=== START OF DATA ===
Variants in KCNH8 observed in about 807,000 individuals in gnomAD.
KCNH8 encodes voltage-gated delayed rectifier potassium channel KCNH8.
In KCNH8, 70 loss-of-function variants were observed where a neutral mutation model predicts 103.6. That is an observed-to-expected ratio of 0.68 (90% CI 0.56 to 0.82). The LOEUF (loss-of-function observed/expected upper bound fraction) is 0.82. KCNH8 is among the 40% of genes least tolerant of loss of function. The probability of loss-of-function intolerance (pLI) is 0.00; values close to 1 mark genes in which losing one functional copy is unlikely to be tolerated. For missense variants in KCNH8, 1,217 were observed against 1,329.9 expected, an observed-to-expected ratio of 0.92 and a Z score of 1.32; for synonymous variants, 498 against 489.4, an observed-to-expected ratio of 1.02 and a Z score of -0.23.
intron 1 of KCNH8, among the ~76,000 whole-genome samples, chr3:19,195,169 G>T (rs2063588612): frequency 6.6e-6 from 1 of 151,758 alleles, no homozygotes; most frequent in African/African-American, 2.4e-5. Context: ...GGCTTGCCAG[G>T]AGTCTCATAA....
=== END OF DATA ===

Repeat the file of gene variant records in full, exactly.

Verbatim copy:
Variants in KCNH8 observed in about 807,000 individuals in gnomAD.
KCNH8 encodes voltage-gated delayed rectifier potassium channel KCNH8.
In KCNH8, 70 loss-of-function variants were observed where a neutral mutation model predicts 103.6. That is an observed-to-expected ratio of 0.68 (90% CI 0.56 to 0.82). The LOEUF (loss-of-function observed/expected upper bound fraction) is 0.82. KCNH8 is among the 40% of genes least tolerant of loss of function. The probability of loss-of-function intolerance (pLI) is 0.00; values close to 1 mark genes in which losing one functional copy is unlikely to be tolerated. For missense variants in KCNH8, 1,217 were observed against 1,329.9 expected, an observed-to-expected ratio of 0.92 and a Z score of 1.32; for synonymous variants, 498 against 489.4, an observed-to-expected ratio of 1.02 and a Z score of -0.23.
intron 1 of KCNH8, among the ~76,000 whole-genome samples, chr3:19,195,169 G>T (rs2063588612): frequency 6.6e-6 from 1 of 151,758 alleles, no homozygotes; most frequent in African/African-American, 2.4e-5. Context: ...GGCTTGCCAG[G>T]AGTCTCATAA....